Tompkins Food Scrap Pick-Up Launches Soon
Tompkins begins to offer collection bins for kitchen composting...comments share
By Andrew Casler via the Ithaca Journal, 10/17/13
ITHACA — About 400 households on West Hill will have curbside food-scrap pickup starting Nov. 15. After that, the plan is to include most Tompkins County residents in the program by 2016.
The program is funded by Tompkins County solid-waste fees levied on property. The Solid Waste Division budget for the pilot’s first two months is $5,501.
The pilot program will increase Solid Waste’s compost collections by 602 tons between this November and October 2014, according to division spokesman Geoff Dunn, a Village of Dryden resident.
The service is an integral part of the county’s goal of diverting 75 percent of the solid-waste stream from landfills, up from the current 60 percent, according to the county.
At Solid Waste’s public food-scrap dropoff, about three tons of food scraps a month are collected now.
The division hasn’t determined which neighborhood will be included in the pilotprogram next, Dunn said.
“We’re going to start with about 400 households, and really work out the kinks in that — find out what works, what doesn’t — and then expand that throughout the county with roughly a three-year time frame,” he said.
Under the program, Tompkins County residents can cut down on how many trash tags they need to buy, Dunn said.
“The more food waste that you recycle, the less it’s going into your garbage stream, so the less you’re going to pay for trash tags,” he said.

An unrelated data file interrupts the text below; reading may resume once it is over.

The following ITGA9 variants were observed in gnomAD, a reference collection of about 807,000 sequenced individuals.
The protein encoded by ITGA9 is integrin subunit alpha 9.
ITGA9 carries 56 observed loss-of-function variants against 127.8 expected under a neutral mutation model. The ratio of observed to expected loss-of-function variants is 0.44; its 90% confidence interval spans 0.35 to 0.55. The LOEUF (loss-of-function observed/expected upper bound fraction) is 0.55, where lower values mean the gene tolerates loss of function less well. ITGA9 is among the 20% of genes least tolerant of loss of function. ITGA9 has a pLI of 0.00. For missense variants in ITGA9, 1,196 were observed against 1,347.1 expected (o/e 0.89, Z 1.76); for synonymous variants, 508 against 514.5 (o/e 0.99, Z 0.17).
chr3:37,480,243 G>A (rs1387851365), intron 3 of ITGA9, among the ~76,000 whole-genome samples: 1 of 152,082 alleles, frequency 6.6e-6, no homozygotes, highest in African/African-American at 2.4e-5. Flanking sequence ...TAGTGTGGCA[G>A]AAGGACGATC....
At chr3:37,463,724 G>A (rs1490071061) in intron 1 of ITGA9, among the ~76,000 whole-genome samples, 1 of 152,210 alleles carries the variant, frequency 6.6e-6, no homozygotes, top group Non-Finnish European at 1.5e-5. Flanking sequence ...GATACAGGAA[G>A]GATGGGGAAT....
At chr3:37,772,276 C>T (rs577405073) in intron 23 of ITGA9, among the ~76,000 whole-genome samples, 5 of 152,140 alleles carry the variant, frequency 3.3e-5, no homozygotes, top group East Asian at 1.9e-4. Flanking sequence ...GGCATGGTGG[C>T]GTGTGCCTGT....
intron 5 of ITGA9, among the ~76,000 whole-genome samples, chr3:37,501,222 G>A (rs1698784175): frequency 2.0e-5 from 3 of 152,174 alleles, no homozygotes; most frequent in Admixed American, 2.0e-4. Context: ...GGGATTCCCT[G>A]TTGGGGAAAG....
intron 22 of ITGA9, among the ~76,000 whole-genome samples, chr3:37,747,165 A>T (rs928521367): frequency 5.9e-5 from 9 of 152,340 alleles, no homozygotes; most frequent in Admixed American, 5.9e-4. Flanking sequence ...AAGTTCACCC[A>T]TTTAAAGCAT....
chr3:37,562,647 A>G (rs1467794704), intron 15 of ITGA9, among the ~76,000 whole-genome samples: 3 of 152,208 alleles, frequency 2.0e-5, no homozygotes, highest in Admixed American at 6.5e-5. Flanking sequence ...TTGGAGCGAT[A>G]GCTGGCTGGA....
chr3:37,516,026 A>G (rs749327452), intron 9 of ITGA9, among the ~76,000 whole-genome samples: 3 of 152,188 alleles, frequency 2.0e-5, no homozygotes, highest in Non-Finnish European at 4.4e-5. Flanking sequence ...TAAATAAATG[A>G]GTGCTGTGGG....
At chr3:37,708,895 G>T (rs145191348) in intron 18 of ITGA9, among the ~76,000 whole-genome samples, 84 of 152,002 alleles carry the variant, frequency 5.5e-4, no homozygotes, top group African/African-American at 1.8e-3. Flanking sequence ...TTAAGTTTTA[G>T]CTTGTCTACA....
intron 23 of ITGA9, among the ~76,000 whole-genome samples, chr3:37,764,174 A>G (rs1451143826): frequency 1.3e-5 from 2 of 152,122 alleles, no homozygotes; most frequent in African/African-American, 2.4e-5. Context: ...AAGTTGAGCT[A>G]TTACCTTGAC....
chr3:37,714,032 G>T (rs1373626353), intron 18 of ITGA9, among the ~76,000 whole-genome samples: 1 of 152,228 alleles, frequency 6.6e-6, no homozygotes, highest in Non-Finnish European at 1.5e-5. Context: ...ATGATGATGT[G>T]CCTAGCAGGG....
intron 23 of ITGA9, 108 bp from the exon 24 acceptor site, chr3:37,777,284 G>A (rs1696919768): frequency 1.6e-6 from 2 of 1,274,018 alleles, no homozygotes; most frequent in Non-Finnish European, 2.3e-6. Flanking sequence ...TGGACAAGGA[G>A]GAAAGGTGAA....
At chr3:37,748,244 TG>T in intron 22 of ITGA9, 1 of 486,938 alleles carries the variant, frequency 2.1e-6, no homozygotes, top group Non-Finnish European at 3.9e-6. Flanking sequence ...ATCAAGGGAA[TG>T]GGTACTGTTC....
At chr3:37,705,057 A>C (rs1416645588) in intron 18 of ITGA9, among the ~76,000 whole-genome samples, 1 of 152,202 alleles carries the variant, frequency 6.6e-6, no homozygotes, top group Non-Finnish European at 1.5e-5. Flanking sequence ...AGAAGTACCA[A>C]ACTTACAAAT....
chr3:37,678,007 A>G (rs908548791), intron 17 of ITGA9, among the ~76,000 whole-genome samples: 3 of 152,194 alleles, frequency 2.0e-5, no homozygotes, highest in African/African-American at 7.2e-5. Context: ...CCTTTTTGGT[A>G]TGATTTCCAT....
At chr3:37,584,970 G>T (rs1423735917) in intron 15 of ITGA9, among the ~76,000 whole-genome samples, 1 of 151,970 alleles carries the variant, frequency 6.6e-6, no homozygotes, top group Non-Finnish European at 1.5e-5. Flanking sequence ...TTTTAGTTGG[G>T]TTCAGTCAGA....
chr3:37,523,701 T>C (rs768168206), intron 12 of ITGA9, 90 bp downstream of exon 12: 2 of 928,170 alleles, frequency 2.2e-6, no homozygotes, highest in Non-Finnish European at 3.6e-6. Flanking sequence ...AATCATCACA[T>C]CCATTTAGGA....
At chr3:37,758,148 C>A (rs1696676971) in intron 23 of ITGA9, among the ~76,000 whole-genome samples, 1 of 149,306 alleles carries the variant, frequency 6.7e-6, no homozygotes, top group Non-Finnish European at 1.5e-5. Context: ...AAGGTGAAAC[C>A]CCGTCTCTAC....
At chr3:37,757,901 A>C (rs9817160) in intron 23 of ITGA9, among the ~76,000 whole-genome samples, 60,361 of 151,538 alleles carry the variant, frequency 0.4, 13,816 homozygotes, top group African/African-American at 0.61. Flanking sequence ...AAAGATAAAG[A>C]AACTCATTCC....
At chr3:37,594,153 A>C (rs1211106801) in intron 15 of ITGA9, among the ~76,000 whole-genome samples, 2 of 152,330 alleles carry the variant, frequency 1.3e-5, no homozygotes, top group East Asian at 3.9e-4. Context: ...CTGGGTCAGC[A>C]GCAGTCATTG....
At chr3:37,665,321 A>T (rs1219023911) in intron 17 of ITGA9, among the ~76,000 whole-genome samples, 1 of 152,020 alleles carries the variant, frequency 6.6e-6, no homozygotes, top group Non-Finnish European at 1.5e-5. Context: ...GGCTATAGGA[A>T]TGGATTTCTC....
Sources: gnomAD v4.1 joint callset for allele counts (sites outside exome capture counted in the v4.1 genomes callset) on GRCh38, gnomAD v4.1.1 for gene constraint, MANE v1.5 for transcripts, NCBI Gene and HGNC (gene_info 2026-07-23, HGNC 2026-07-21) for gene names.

The pickups are free, along with composting kits, Dunn added.
Composting kits are available at the Solid Waste Division Office, 122 Commercial Ave. The kit includes a bin for food scraps, compostable bags and information pamphlets.
The program also will allow people to compost some things that aren’t typically broken down within backyard compost bins, he said.
“For example, your meat, bones and dairy ... soiled napkins, paper plates — they can all go into your food-scrap recycling bin,” Dunn said. “If you put that in your backyard bin, it would take forever to break down.”
The curbside bins have stickers telling users what items are OK to compost, said Solid Waste’s recycling specialist, Kat McCarthy, of the City of Ithaca.
“I think one of the big things we’ve seen in a lot of these programs is that the education piece is key,” she said.
The food-scrap bins can have bread, compostable utensils and food containers, meat, bones, paper and other materials. They can’t have baby diapers, glass, metal, pet waste, foam, plastic or yard waste.
A $161,505 bid won Casella Waste Systems Inc., of Newfield, the contract for picking up the food scraps.
Casella is contracted to carry out the program from Nov. 15 through 2016.
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